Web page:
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CS525: Special Topics in DBs Large-Scale Data Management Advanced Analytics on Hadoop Spring 2013 WPI, Mohamed Eltabakh 1.

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Presentation on theme: "CS525: Special Topics in DBs Large-Scale Data Management Advanced Analytics on Hadoop Spring 2013 WPI, Mohamed Eltabakh 1."— Presentation transcript:

1 CS525: Special Topics in DBs Large-Scale Data Management Advanced Analytics on Hadoop Spring 2013 WPI, Mohamed Eltabakh 1

2 Data Analytics Include machine learning and data mining tools Analyze/mine/summarize large datasets Extract knowledge from past data Predict trends in future data 2

3 Data Mining & Machine Learning Subset of Artificial Intelligence (AI) Lots of related fields and applications Information Retrieval Stats Biology Linear algebra Marketing and Sales 3

4 Tools & Algorithms Collaborative Filtering Clustering Techniques Classification Algorithms Association Rules Frequent Pattern Mining Statistical libraries (Regression, SVM, …) Others… 4

5 Common Use Cases 5

6 In Our Context… 6 --Efficient in analyzing/mining data --Do not scale --Efficient in managing big data --Does not analyze or mine the data

7 On Going Research Effort Ricardo (VLDB10): Integrating Hadoop and R using Jaql 7 Haloop (SIGMOD10): Supporting iterative processing in Hadoop

8 Other Projects Apache Mahout Open-source package on Hadoop for data mining and machine learning Revolution R (R-Hadoop) Extensions to R package to run on Hadoop 8

9 Apache Mahout 9

10 Apache Software Foundation project Create scalable machine learning libraries Why Mahout? Many Open Source ML libraries either: Lack Community Lack Documentation and Examples Lack Scalability Or are research-oriented 10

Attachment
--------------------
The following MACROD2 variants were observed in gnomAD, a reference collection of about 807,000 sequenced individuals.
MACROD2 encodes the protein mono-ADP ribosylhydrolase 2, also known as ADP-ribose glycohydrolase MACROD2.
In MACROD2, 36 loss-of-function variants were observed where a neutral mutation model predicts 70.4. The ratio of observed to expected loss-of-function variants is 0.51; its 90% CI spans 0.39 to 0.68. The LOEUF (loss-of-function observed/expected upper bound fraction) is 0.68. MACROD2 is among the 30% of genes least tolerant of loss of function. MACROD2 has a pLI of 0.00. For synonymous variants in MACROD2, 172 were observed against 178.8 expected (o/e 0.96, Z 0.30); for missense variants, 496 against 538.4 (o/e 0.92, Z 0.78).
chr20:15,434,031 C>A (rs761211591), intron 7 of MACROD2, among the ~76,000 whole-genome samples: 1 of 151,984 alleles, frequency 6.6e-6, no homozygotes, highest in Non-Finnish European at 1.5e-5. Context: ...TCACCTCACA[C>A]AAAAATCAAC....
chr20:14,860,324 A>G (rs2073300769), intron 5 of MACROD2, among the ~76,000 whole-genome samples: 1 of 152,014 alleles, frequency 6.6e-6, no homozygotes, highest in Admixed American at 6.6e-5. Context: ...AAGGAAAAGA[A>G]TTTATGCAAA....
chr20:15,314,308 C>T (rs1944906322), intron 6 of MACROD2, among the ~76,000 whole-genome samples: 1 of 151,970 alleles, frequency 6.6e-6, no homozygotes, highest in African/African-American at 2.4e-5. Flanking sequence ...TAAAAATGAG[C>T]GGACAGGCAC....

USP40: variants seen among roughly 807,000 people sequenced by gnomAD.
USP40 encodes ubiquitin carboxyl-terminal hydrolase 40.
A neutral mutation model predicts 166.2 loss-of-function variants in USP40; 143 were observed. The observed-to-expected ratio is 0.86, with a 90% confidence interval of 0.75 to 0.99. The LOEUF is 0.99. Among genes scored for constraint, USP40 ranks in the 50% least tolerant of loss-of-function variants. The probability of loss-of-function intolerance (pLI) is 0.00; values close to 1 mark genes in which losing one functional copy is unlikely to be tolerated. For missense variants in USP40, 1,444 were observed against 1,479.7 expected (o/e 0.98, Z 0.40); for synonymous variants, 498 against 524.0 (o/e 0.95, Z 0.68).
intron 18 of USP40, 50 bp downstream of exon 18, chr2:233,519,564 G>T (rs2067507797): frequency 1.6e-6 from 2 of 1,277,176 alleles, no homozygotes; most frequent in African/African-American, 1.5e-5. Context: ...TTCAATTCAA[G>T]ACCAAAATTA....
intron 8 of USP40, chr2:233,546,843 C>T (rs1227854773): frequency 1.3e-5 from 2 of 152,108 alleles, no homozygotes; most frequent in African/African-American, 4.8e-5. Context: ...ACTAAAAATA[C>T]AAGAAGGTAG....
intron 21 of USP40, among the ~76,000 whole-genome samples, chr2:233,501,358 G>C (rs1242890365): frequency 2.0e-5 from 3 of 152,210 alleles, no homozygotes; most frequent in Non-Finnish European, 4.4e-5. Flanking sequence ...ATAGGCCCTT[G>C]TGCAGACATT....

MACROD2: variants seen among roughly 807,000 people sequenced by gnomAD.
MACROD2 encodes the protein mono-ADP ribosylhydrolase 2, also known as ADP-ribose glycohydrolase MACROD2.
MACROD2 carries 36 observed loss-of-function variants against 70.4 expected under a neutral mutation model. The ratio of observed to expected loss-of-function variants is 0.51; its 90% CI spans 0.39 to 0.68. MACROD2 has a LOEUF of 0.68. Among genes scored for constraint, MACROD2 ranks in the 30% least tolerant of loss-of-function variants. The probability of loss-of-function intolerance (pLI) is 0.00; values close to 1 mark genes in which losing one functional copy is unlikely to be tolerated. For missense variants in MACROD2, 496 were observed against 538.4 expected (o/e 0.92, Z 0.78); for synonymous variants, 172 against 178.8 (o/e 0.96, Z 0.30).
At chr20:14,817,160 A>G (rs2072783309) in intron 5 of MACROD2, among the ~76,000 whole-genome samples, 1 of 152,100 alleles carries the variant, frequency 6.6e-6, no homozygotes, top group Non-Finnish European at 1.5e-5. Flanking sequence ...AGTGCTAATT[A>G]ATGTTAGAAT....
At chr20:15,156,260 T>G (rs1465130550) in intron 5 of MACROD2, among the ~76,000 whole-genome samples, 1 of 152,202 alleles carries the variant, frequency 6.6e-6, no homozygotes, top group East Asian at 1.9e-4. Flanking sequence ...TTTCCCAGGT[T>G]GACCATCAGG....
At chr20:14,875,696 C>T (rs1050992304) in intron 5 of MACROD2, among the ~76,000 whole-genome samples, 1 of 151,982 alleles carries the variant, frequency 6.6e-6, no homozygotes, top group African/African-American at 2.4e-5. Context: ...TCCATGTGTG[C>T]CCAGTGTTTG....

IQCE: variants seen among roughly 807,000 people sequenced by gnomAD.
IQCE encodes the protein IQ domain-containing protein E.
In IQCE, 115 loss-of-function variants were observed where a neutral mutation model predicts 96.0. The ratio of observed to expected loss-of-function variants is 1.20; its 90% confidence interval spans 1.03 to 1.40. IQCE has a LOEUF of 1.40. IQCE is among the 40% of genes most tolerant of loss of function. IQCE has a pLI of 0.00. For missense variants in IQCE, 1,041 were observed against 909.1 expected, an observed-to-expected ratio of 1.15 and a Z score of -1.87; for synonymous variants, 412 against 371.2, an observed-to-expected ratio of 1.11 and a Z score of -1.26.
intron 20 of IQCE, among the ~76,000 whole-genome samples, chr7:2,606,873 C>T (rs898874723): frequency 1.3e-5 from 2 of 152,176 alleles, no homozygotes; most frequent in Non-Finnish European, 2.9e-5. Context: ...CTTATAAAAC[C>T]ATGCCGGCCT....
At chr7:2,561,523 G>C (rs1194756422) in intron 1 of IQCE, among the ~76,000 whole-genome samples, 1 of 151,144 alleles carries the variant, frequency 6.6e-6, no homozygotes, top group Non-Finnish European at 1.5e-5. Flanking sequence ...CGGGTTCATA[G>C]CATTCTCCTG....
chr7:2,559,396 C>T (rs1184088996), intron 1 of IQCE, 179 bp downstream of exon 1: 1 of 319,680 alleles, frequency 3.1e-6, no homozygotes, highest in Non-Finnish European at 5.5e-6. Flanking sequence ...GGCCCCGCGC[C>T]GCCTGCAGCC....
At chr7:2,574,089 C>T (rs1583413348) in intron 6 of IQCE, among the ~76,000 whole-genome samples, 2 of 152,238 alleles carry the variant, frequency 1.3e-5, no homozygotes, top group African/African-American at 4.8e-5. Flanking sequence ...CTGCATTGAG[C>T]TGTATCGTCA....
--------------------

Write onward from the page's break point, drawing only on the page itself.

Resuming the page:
11 Goal 1: Machine Learning

12 Goal 2: Scalability Be as fast and efficient as the possible given the intrinsic design of the algorithm Most Mahout implementations are Map Reduce enabled Work in Progress 12

13 Mahout Package 13

14 C1: Collaborative Filtering 14

15 C2: Clustering Group similar objects together K-Means, Fuzzy K-Means, Density-Based,… Different distance measures Manhattan, Euclidean, … 15

16 C3: Classification 16

17 FPM: Frequent Pattern Mining Find the frequent itemsets are sold frequently together Very common in market analysis, access pattern analysis, etc… 17

18 O: Others Outlier detection Math libirary Vectors, matrices, etc. Noise reduction 18

19 We Focus On… Clustering K-Means Classification Naïve Bayes Frequent Pattern Mining Apriori 19

20 K-Means Algorithm 20

21 K-Means Algorithm Step 1: Select K points at random (Centers) Step 2 : For each data point, assign it to the closest center Now we formed K clusters Step 3: For each cluster, re-compute the centers E.g., in the case of 2D points X: average over all x-axis points in the cluster Y: average over all y-axis points in the cluster Step 4: If the new centers are different from the old centers (previous iteration) Go to Step 2 21

22 K-Means in MapReduce Input Dataset (set of points in 2D) --Large Initial centroids (K points) --Small Map Side Each map reads the K-centroids + one block from dataset Assign each point to the closest centroid Output 22